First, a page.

In Concert

Get a flavour of the music collections of the Library of Birmingham – quirky, practical, historical, contemporary

Beethoven and beyond — February 15, 2020

Beethoven and beyond

2020 is the 250 years since Beethoven’s birth. From amongst the blogs we follow came an article lamenting the likely freezing effect this anniversary might have on programming. That’s entirely understandable given the conservatism of many orchestras’ offerings. Which hard-pressed venue or ensemble manager wouldn’t be seduced by the prospect of more and more Beethoven?

There is another approach. Arcana FM and Richard Whitehouse deliver a concert review for our local orchestra, the CBSO, as the orchestra shows how it’s done. https://arcana.fm/2020/02/01/cbso-mirga-grazinyte-tyla-beethoven/

2020 is also the CBSO’s centenary. Across the two concert seasons, the orchestra will perform 40 new commissions (funded in part by the John Ellerman Foundation). Both established and new composers will have the opportunity to bring freshness and innovation to the concert hall.

This isn’t to dismiss Beethoven. Over the course of the year, we hope to feature a post or two of our own about this towering, maverick figure.

CBSO: a hundred years of music-making — October 23, 2019

CBSO: a hundred years of music-making

Forward

The City of Birmingham Symphony Orchestra is celebrating its centenary this season. As a contribution to the celebrations, journalist and music critic Richard Bratby spent a large slice of his recent life researching the CBSO’s history. Writing a book is hard work, even more so when it’s not fiction. Give this post a read to understand why.

We will add the book to our stock in due course.

Is it that long? — April 4, 2019

Is it that long?

This blog is coming up to its second birthday! It doesn’t seem that long since I wrote our first anniversary post. While I’ve felt more relaxed about the topics featured, there have still been some distinct threads. Let’s have a look at some of the themes and popular posts over the past year.

Participation

all performers
All the performers (Jonathan Schoeps)

November saw a flurry of posts. Continue reading

Set Phasers To Stun — March 27, 2019

Set Phasers To Stun

A few weeks ago, I did a post about the composer, Gustav Holst called A Journey beyond ‘The Planets’ . In it, I looked at some lesser-known works Holst wrote. By a strange coincidence, Holst is our subject this time around as well. There’s no denying the long-lasting appeal of The Planets as a piece of music for listening to or performing. For many amateur orchestral players, having The Planets in their season’s schedule is something special.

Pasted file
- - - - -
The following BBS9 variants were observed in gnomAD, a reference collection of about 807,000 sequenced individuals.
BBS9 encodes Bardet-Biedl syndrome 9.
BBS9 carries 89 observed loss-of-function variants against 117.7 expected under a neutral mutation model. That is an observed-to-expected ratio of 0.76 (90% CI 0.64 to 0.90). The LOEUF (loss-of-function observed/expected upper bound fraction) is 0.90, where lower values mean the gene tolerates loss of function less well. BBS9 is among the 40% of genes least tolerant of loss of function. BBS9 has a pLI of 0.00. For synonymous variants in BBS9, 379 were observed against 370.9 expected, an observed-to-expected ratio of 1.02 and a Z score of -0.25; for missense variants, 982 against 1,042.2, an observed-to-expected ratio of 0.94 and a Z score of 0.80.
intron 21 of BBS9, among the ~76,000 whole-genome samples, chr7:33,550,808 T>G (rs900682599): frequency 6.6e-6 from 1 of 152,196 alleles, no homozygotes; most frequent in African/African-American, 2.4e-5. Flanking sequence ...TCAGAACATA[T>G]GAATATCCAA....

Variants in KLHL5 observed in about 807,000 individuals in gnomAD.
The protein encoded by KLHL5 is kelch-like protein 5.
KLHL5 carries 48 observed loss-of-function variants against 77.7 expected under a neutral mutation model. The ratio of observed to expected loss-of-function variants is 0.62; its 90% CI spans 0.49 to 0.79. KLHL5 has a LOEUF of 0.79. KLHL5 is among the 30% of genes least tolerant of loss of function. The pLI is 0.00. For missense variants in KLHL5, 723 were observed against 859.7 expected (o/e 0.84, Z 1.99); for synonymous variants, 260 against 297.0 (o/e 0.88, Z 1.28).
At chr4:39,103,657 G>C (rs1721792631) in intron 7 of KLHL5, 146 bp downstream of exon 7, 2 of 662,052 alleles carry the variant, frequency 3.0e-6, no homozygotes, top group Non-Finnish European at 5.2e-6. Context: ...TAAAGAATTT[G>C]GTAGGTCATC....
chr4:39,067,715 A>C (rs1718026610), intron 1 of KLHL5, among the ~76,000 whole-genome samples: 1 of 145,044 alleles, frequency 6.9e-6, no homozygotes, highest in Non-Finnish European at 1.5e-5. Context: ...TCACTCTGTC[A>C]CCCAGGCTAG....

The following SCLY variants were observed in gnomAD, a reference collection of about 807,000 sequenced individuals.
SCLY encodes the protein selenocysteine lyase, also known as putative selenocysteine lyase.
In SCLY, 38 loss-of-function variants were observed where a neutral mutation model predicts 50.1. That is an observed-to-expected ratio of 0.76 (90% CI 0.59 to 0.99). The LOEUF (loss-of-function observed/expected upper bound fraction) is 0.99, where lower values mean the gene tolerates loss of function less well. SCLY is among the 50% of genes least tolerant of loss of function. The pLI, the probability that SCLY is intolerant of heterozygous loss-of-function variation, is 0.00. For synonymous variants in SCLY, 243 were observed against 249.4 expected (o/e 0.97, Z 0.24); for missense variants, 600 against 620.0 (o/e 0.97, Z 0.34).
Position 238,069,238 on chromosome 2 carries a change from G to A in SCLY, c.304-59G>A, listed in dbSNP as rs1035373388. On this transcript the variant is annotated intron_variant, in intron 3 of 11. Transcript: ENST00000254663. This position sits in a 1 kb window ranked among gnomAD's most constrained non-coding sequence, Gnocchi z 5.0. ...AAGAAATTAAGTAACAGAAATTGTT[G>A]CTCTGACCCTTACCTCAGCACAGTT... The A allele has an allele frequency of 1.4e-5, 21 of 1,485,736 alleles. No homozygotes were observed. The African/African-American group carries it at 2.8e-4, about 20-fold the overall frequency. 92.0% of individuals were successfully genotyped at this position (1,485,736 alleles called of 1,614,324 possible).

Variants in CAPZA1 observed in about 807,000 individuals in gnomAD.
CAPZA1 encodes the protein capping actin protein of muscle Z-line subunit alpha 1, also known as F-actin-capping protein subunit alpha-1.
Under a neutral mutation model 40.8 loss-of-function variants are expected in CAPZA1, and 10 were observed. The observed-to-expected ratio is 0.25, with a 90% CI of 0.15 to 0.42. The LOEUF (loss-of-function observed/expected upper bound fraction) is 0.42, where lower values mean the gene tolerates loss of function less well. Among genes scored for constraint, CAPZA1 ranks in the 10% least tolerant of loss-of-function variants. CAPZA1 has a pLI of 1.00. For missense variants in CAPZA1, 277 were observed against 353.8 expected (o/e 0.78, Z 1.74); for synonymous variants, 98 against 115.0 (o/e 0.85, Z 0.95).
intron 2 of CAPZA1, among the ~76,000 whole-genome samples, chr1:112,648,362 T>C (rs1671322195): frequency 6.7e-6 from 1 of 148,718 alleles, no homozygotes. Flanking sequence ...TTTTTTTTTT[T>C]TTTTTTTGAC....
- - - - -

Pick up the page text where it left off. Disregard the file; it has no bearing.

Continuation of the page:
Sometimes this isn’t possible though: if you play in a smaller orchestra, a tenor tuba,  double set of timpani, or a contra-bassoon won’t be part of your normal line-up. In that case, an inventive solution is necessary. In this post, we hear how Leamington Sinfonia  found theirs. Continue reading

A Staffordshire Cleopatra? — January 10, 2019

A Staffordshire Cleopatra?

No time for a proper post this week, so here’s a review of some works by Havergal Brian. Including an extended choral work, The Vision of Cleopatra.

On record: ENO Chorus & Orchestra / Martyn Brabbins – Havergal Brian: The Vision of Cleopatra (Epoch)

Brian is associated with Staffordshire in general and the region around Stoke on Trent in particular. During his long life, his compositions were generally ignored and hardly ever performed. The situation has improved somewhat since his death.

Here’s another review from the same site, this time for two of his many symphonies:

On record: Havergal Brian – Symphonies 2 & 14 (Dutton Epoch)

Back to normal for the next post.

Voices In Concert — November 29, 2018

Voices In Concert

At the end of this special, memorial November, I’m taking the opportunity to revisit the concert we described at the start of the month. In this post, we hear from people involved in the performance, and what the concert meant to them. My thanks go to Jane Eminson for doing the hard work, and Jonathan Schöps, photographer with the Jena University Choir for allowing his images to be reproduced here. All photos used in this post are © 2018, Jonathan Schöps Fotografie.

balcony audience